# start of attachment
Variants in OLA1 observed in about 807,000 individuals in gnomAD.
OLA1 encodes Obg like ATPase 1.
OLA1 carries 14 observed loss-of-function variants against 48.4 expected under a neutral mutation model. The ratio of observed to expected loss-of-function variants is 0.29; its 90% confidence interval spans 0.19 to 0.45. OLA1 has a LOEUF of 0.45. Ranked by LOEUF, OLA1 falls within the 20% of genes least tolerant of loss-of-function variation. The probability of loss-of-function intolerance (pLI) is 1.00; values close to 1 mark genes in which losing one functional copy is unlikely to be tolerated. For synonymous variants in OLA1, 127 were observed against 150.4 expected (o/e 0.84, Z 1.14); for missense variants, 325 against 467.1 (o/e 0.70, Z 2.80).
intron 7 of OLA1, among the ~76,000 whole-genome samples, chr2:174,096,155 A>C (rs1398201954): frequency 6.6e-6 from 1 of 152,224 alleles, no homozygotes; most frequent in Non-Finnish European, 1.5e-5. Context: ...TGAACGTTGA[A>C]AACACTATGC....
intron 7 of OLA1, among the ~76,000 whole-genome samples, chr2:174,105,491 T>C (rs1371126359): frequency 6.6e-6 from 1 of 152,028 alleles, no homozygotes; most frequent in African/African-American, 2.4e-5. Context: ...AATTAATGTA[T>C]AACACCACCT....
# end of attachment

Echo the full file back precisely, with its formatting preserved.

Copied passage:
Variants in OLA1 observed in about 807,000 individuals in gnomAD.
OLA1 encodes Obg like ATPase 1.
OLA1 carries 14 observed loss-of-function variants against 48.4 expected under a neutral mutation model. The ratio of observed to expected loss-of-function variants is 0.29; its 90% confidence interval spans 0.19 to 0.45. OLA1 has a LOEUF of 0.45. Ranked by LOEUF, OLA1 falls within the 20% of genes least tolerant of loss-of-function variation. The probability of loss-of-function intolerance (pLI) is 1.00; values close to 1 mark genes in which losing one functional copy is unlikely to be tolerated. For synonymous variants in OLA1, 127 were observed against 150.4 expected (o/e 0.84, Z 1.14); for missense variants, 325 against 467.1 (o/e 0.70, Z 2.80).
intron 7 of OLA1, among the ~76,000 whole-genome samples, chr2:174,096,155 A>C (rs1398201954): frequency 6.6e-6 from 1 of 152,224 alleles, no homozygotes; most frequent in Non-Finnish European, 1.5e-5. Context: ...TGAACGTTGA[A>C]AACACTATGC....
intron 7 of OLA1, among the ~76,000 whole-genome samples, chr2:174,105,491 T>C (rs1371126359): frequency 6.6e-6 from 1 of 152,028 alleles, no homozygotes; most frequent in African/African-American, 2.4e-5. Context: ...AATTAATGTA[T>C]AACACCACCT....